Some time between Paul's Boutique and Check Your Head, I was on a family outing at some Long Island beach location, and my Uncle Jack asked me, out of the blue, "Glenn, are you familiar with a...rap group called the Beastly Boys?"
"Um, yes, I am. It's 'Beastie,' though, not 'Beastly.'"
"Oh." He scowled slightly. My uncle Jack is a gentle fellow, reliably droll and almost invariably understated, but he's never been big on pop culture, and most of its products, on those occasions when he gets wind of them, tend to rate very low on his personal approval meter. I remember when he sold his Long Island summer house to Foghat (another story), his saying to me, "I generally don't like these rock people, but the Foghat fellows were real gentlemen." Anyway.
"Why do you ask, Jack?"
"Well, it's funny, you know, an old friend of mine, Noel Yauch, his boy Adam is a member of that group."
"MCA? No kidding."
"MCA. That's Adam's 'rap' name."
Jack shook his head a little.
"I'm not saying you'd like their music Jack, but they are pretty clever rhymers. Drop references to Japanese baseball players and all."
Jack was slightly more impressed.
"Well, the funny thing is, you know, Noel does a pretty good business—he just put in an extension and a bay window at our place, in fact—and he was telling me that Adam, as it happens, put more into his 401K last year than Noel actually made."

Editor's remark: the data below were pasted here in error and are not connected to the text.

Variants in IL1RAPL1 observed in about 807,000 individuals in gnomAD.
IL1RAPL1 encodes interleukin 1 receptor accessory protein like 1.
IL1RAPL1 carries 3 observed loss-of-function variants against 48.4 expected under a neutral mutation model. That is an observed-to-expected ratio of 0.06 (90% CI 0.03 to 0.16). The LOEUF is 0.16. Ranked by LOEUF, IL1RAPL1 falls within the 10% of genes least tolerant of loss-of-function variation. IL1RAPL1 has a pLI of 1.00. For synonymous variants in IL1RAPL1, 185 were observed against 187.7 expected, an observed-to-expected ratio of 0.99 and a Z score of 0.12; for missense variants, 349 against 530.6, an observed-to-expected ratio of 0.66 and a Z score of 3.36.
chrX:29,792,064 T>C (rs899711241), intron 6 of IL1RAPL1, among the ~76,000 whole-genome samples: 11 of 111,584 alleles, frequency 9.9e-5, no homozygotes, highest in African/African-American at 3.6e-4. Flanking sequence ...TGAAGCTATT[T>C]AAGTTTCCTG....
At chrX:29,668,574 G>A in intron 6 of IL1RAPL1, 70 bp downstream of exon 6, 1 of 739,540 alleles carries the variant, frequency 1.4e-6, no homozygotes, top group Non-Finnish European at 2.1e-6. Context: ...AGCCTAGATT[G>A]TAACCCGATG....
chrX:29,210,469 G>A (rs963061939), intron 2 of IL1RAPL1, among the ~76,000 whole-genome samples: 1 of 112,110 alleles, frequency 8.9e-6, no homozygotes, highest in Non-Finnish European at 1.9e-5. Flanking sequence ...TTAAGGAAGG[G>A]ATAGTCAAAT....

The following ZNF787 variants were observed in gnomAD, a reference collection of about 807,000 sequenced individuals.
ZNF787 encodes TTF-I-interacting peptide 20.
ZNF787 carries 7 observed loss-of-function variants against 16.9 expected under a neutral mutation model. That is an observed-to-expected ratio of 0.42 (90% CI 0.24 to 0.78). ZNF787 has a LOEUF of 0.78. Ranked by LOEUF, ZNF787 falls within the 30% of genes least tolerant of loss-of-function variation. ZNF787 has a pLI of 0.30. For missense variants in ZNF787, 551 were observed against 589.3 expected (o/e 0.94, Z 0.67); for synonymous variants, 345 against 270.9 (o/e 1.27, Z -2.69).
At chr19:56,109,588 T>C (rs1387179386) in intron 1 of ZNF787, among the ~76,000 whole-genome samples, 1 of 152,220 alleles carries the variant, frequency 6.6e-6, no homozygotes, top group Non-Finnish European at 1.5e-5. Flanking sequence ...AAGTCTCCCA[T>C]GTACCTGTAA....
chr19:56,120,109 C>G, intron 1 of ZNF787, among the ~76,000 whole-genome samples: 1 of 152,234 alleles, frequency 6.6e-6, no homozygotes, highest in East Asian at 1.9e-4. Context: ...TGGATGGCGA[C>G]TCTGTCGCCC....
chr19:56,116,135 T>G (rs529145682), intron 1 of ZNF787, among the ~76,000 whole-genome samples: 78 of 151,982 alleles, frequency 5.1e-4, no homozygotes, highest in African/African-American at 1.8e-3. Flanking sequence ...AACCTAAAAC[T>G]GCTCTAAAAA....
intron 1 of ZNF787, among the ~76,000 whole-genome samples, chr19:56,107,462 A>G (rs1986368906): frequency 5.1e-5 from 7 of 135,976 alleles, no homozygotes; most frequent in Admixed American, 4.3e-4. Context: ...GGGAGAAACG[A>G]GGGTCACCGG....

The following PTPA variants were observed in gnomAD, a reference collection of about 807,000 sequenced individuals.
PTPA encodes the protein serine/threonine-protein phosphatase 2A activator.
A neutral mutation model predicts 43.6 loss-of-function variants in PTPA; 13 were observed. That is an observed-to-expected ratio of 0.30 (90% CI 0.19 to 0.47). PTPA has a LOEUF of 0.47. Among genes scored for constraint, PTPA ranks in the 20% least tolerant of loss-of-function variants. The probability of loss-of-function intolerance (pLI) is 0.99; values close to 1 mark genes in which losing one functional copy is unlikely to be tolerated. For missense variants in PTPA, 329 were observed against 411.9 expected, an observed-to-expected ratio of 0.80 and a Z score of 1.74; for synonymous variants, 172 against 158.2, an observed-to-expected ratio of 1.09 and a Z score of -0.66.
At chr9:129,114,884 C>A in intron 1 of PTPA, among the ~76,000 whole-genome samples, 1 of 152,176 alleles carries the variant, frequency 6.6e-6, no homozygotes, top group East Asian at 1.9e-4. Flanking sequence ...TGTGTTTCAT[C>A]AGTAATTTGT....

"Well, that's rock and roll, Jack."
This exchange strangely haunted my uncle for years after that. Once, he told me, he had a dream that the Brooklyn Historical Society hosted me as a speaker, for a lecture on gangsta rap.
A few years after that, I had the occasion to do a phone interview with Adam Yauch. It was somewhere between the "Body Movin'" video and the formation of his film company Oscilloscope Laboratories. "I don't know about that," he laughed when I got to the 401K part of the story of my uncle's bemusement. This kind of demural, I understand by reading accounts from people who knew him well, was typical of a genuine modesty, an earnest desire not to make too much of a big deal of himself even as he kept up made musical art, made film art, made the film art of others accessible, and mischievously took the piss out of show business as he had been doing with his buddies since the very beginning. I'm old enough to remember how so many people didn't get the joke, the absolute hysteria engendered by License To Ill, all of it. His grace under pressure was frequently evident if you cared to look at it. His exceptional, connecting, generous sensibility is evident in many ways, and in many objects; right now, as I listen to Ill, I'm thinking about the Blu-ray disc release of Kelly Reichardt's Meek's Cutoff, with its liner essay by punk rock pioneer Richard Hell—an inspired choice and a completely natural one, but not a choice that someone with less deep background in the arts than Yauch would sign off on.
There's an awful lot more to be said about the man. He will be missed in so many ways.
White Castle fries only come in one size.